Alan - I think what you are suggesting just isn't practical.I'd be interested in your views on how people should raise children and not force religion down their throats.If I go to church on Sunday - or some other day of the week - do I leave the kids at home? How old should kids be when you start to introduce these ideas to them? At 15 or 16 are they offered a few different religions of the parents choosing? Should we skip Christmas and the Easter Bunny because these kids aren't old enough to evaluate the evidence for themselves and make a critical judgement?

Just how should we expose our kids to ideas? How have you raised your kids { assuming you have some }? I'll be interested in seeing your thoughts on this.


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Subject: RE: Children and religion
From: Big Mick
Date: 05 Oct 06 - 02:20 PM

OK, you have outlined what a belief system isn't, now give us some of what this same belief system is. What would your belief system say about theft? How would that be defined? It is not enough to not be about something, one must also be about certain values.


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Subject: RE: Children and religion
From: Clinton Hammond
Date: 05 Oct 06 - 02:21 PM

I'm gonna start singing this about Mick

Some Humans Ain't Human
John Prine

Some humans ain't human
Some people ain't kind
You open up their hearts
And here's what you'll find
A few frozen pizzas
Some ice cubes with hair
A broken Popsicle
You don't want to go there

Some humans ain't human
Though they walk like we do
They live and they breathe
Just to turn the old screw
They screw you when you're sleeping
They try to screw you blind
Some humans ain't human
Some people ain't kind

You might go to church
And sit down in a pew
Those humans who ain't human
Could be sittin' right next to you
They talk about your family
They talk about your clothes
When they don't know their own ass
From their own elbows

Jealousy and stupidity
Don't equal harmony
Jealousy and stupidity
Don't equal harmony

Spoken:
Have you ever noticed
When you're feeling really good
There's always a pigeon
That'll come shit on your hood

Or you're feeling your freedom
And the world's off your back
Some cowboy from Texas
Starts his own war in Iraq

Some humans ain't human
Some people ain't kind
They lie through their teeth
With their head up their behind
You open up their hearts
And here's what you'll find
Some humans ain't human
Some people ain't kind


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Subject: RE: Children and religion
From: Big Mick
Date: 05 Oct 06 - 02:21 PM

George ......... LMAO. Message received ..... LOL.


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Subject: RE: Children and religion
From: Clinton Hammond
Date: 05 Oct 06 - 02:22 PM

Outside the scope of this thread Mick.... I'm not about to sit here and type up my ism or ology....


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Subject: RE: Children and religion
From: George Papavgeris
Date: 05 Oct 06 - 02:24 PM

Sorry CH, my "one...two.." was in response to Big Mick's message (George with head bent and hands over the ears waiting for the bang).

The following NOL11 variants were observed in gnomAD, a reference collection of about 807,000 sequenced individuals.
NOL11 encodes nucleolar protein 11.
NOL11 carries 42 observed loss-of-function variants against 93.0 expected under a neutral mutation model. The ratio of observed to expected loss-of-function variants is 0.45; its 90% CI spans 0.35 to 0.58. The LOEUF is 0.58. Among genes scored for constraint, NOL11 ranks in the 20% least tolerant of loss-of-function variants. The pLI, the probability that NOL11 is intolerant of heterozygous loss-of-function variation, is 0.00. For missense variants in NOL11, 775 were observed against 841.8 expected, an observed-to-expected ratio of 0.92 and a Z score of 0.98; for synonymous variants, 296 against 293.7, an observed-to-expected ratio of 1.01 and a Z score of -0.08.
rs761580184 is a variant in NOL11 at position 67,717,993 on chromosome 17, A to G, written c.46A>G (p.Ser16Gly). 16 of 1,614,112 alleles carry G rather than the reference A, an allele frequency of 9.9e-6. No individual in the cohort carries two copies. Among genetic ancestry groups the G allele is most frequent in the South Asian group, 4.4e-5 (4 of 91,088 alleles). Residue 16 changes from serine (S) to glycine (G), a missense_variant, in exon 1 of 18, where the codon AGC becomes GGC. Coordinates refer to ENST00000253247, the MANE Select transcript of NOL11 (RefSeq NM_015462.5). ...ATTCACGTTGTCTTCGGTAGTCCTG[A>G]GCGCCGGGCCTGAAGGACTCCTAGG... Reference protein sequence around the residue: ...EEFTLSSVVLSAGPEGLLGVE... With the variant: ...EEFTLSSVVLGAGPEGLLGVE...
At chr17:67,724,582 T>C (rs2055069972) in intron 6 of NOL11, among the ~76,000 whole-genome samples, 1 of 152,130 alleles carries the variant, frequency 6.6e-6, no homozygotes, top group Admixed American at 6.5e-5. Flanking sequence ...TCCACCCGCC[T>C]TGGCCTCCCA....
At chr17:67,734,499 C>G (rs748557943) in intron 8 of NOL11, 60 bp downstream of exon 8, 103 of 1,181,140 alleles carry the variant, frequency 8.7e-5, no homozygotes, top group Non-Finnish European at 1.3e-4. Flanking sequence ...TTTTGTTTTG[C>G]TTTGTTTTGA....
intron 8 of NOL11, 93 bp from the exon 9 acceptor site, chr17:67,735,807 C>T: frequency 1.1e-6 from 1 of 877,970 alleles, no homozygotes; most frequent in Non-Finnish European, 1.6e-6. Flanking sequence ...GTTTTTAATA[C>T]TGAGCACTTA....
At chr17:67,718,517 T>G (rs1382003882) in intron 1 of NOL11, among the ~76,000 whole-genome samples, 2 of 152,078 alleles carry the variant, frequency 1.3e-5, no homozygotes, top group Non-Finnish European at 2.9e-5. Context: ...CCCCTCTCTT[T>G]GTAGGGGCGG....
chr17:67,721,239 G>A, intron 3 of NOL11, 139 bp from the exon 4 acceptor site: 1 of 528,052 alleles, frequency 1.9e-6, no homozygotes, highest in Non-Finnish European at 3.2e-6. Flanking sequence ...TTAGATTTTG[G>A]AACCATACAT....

Perhaps you speak from local (North American) experience. But my own Greek Orthodox origins would comply with all you have mentioned, including avoiding misogyny, mutilation and rewriting of history and science; I rebelled against the organised Church, not the belief system.

So, if I teach precisely the same things, does it matter whether I do so out of religious faith or social faith (common sense)?


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Subject: RE: Children and religion
From: Big Mick
Date: 05 Oct 06 - 02:35 PM

OK, then within the scope of this thread, absent a "Thou Shalt Not Steal", what would you teach your children about stealing? Is it a bad thing? Always? And if you have a view you are teaching that is counter to what others teach, is that brainwashing?


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Subject: RE: Children and religion
From: Clinton Hammond
Date: 05 Oct 06 - 02:35 PM

Religion and faith are two different things....


"including avoiding misogyny"
Really? I did a quick glance around and found this here...
http://dlibrary.acu.edu.au/research/theology/ejournal/aejt_4/Nicolaides.htm
"The Eastern Orthodox Church or Ekklesia however, remains resolute in its stance on the issue of priesthood and allows only males to become ordained as per its interpretation of the Holy Scriptures and Holy Traditions."

So how is it NOT just another "Old Boys Club"?

"I rebelled against the organised Church, not the belief system"
And how did you seperate one from the other? It's the organized Church that made up the belief system in the first place....


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Subject: RE: Children and religion
From: MMario
Date: 05 Oct 06 - 02:35 PM

Don't forget that there are Atheist fundamentalists who are every bit as obnoxiious about forcing their beliefs on others as are religious fundamentalists.

the constitution of the USA also states that Congress shall enact no law abrogating the free practice of religion - but most people forget that.


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Subject: RE: Children and religion
From: Clinton Hammond
Date: 05 Oct 06 - 02:39 PM

Are we only talking about the USA here?

I certainly hope not